For many of us, medical experimentation still conjures up the image of Burke and Hare stalking early 19th century Edinburgh for fresh cadavers. In the 19905 the human body still plays a vital role in medical research, only this time the subjects are volunteers. But what actually happens once you get inside the scrubbed corridors of the research establishment? Aaron Hicklin, Thom Dibdin and Alan Morrison

look at the human guinea pig, past and present.

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Thom Dibdin delves into the history at the ‘guinea-pig'.

est-ube trials

From test-tube to Boots counter: how the process works.

xperimentation isn‘t really the first government cutbacks in health research. it‘s lNotall human guinea thmg We think of when we consider an ()b\'l()US consideration that drugs are very Pigs “'ch “Wed ""0 the the medical profession. We prefer much a product with commercial potential. 1‘le 2'5"”): 'Skl‘crw our doctors to be mechanics. It costs a drugs company an incredibly large Xaiperfifi‘nibedi): professional and reliable. . amount of money to create a new drug. themselves. including . . identifying the problem and solvmg Prices start at about £7().()()() and go into the Benjamin 30“ 0‘ itat minimal expense and pain. We rarely millions. Sometimes. the result will be idmburgh :th “(3w give much thought to the teams working unknown to medical science. a :vgtifi?xerre(:ii:ii:ei away in labs. researching. testing and breakthrough and general boon to diseases byinfecting his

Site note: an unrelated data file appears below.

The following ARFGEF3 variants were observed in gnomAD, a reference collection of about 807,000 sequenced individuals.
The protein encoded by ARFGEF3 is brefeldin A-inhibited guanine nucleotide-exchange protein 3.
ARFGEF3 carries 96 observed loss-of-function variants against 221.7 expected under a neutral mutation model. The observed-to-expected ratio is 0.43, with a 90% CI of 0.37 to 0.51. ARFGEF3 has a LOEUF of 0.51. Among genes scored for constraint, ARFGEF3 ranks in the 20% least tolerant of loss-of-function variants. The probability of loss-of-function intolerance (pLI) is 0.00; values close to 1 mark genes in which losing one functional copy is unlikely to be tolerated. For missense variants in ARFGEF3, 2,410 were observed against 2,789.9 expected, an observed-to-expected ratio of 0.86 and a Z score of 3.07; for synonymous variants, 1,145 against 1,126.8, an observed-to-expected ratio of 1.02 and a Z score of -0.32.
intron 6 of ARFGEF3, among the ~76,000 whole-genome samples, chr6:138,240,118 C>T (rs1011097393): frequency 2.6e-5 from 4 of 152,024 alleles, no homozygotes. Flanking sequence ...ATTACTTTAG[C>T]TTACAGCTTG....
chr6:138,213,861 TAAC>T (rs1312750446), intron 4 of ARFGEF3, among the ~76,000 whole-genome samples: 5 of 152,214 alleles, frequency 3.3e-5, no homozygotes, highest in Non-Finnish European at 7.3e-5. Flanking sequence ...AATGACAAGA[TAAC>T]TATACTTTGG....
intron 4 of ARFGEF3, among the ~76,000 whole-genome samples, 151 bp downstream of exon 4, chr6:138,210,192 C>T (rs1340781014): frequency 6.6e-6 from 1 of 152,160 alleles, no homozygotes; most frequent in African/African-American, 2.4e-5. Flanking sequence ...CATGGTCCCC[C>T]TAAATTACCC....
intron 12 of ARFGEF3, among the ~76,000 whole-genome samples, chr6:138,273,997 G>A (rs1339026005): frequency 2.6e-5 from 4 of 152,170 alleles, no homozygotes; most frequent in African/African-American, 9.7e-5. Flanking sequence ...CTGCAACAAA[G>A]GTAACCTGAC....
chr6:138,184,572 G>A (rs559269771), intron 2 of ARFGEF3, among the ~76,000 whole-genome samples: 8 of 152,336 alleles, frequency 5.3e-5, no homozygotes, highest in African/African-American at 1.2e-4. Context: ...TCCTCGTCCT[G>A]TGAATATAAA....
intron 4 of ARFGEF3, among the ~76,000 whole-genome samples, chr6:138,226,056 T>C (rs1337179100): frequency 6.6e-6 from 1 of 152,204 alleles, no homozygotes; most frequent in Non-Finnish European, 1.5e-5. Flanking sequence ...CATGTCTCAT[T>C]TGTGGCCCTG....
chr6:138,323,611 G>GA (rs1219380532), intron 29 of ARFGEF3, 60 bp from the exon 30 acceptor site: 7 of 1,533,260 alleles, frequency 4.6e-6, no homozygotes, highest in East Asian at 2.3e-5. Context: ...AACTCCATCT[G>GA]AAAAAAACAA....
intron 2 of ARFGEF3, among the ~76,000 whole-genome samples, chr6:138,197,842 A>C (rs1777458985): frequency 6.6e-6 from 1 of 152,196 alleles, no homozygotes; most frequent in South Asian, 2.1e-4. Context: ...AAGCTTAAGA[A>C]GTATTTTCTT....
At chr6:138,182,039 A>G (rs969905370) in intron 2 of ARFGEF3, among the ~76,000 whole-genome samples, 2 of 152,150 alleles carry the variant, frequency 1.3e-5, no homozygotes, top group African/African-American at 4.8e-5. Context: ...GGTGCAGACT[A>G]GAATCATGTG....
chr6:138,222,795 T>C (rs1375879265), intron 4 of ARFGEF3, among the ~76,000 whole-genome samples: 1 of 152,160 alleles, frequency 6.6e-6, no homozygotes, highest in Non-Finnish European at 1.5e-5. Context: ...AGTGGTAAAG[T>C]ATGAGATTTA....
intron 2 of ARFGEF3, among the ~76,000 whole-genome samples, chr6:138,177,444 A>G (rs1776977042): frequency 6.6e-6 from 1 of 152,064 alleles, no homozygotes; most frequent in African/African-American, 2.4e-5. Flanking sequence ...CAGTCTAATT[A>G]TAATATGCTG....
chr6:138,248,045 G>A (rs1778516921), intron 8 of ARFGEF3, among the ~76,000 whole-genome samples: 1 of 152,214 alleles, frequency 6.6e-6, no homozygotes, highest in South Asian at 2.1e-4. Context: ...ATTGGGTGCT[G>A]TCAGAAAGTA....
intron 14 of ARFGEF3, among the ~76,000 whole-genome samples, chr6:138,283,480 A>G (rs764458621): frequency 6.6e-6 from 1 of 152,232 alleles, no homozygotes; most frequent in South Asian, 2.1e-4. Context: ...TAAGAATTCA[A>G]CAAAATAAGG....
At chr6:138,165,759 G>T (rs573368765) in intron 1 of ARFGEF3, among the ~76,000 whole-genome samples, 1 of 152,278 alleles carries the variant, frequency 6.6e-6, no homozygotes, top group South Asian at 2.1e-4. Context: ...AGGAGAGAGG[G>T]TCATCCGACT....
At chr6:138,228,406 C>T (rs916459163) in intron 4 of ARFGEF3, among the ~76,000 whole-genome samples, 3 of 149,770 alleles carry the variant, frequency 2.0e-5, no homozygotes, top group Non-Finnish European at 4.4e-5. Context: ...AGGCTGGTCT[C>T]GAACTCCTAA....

estimating the medical benefits or otherwise humanity. Mostly. it is a ‘me too‘ drug. of new drugs. not to mention their worth in imitating one already being produced by the marketplace. In these times of stringent another company. or modifying one on

penis with matter from a syphilitic swelling. There‘s dedication for you.

The List 14 27 February 1992 5